Extractions and General Anaesthetic

Did you know that tooth decay is the single biggest reason that children are admitted to hospital in the UK?

Thousands upon thousands of children are put to sleep to have broken, decayed, infected teeth extracted. It is not a pleasant experience for anyone involved.

This is the whole reason that we have created this information for you. We want to help you and make sure that your child do not have to go through this.

Teddy bears at the hospital. The Online Dentist

Orthodontic Treatment (Braces)

‘Orthodontic’ means ‘straight teeth’. So the idea of orthodontic treatment is to get the teeth straight and get rid of crowding and overlap by using some sort of brace. This can be done to improve chewing and improve the appearance of your child’s smile.

For the majority of children who require braces, the best time to have treatment is when all of the baby teeth have fallen out. This is generally between the ages of 12 and 16 however this will vary depending on the individual. Ask your dentist about whether your child may benefit from orthodontic treatment.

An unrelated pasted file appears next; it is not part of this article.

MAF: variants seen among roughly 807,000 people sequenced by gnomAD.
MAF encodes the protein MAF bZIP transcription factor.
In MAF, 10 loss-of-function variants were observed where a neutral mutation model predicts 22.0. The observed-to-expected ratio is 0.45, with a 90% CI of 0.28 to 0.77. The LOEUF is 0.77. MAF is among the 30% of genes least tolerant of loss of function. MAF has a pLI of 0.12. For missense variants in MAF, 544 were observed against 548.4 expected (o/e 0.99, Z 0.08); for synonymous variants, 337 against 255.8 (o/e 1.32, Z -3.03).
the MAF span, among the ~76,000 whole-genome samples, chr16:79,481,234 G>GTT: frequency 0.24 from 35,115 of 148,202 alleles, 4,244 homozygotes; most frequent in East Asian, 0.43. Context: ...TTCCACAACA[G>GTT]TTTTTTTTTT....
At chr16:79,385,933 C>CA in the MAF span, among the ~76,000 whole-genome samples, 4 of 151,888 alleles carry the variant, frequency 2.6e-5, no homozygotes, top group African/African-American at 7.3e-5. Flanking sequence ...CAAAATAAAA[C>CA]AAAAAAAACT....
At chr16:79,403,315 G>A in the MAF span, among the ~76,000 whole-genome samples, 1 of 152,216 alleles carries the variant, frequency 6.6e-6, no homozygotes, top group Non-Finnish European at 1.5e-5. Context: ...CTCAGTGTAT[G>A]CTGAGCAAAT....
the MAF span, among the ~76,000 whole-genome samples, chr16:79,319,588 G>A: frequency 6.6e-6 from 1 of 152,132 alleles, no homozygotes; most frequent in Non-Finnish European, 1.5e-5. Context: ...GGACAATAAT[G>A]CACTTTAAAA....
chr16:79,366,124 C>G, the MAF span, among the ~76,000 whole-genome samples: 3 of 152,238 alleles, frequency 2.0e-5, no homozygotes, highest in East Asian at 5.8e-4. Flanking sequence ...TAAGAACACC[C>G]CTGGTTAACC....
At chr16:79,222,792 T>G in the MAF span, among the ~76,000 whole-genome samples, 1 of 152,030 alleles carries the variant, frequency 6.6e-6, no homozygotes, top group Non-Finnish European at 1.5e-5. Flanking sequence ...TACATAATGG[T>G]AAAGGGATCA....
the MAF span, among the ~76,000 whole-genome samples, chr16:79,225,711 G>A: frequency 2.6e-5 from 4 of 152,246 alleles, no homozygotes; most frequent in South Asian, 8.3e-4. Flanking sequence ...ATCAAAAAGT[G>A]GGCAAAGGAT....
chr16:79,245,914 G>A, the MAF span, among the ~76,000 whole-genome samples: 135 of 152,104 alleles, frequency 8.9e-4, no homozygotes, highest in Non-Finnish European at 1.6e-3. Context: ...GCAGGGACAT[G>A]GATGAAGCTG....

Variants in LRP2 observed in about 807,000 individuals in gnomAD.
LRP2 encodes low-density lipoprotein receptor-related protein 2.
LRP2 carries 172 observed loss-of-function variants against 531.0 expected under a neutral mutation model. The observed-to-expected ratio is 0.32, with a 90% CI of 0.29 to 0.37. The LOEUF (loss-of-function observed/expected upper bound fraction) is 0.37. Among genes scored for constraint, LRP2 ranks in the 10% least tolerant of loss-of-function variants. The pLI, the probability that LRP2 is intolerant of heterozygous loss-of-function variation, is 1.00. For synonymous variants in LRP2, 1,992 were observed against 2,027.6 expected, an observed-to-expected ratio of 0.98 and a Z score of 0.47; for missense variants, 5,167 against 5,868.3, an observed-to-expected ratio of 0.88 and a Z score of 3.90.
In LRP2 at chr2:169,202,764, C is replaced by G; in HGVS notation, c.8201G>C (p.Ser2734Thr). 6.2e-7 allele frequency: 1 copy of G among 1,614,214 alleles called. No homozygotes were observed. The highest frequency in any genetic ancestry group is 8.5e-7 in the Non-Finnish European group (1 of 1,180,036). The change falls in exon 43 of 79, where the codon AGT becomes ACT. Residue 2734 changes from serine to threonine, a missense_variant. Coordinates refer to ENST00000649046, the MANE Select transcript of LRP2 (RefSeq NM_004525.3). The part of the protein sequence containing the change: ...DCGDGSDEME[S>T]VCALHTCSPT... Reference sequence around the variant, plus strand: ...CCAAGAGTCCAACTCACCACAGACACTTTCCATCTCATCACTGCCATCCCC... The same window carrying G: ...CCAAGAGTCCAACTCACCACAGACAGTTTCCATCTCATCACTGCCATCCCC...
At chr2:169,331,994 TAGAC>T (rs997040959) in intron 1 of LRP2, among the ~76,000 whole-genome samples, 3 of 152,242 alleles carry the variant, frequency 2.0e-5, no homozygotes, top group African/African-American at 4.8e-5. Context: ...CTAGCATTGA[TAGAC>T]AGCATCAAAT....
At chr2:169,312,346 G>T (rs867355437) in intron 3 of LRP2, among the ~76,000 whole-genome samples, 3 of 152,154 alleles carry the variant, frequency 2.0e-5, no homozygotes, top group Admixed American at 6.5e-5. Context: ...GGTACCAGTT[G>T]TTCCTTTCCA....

There are lots of different types of braces. The ‘train track’ style, metal braces are the most common. There are also braces that you can take out. The downsides with these are that if your child doesn’t wear their brace, the teeth will not straighten.

Often, teenagers require teeth to be removed for braces. The reason for this is to create the space required to move the teeth and get a stable end result. It’s something to be aware of if you think that your child may benefit from braces.

About the Authors

Dr Poonam Anand BDS MSc

I graduated from the University of Sheffield in 2010. I have worked as a general dentist in Leeds, Keighley and Birmingham. I completed a Masters in Dental Public Health with distinction from the University of Leeds in 2016. I have always had a passion for preventative dentistry and firmly stand by the motto ‘prevention is better than the cure’. I am keen to educate parents and improve the oral health of children.

Dr Andrew Wilson BDS

I am the creator of The Online Dentist. My work with The Online Dentist has been featured on BBC Breakfast, ITV news and BBC Radio 5 Live. I have won multiple awards, including National Young Dentist of the Year at the Dental Awards 2018. I practise as a dentist in Central London.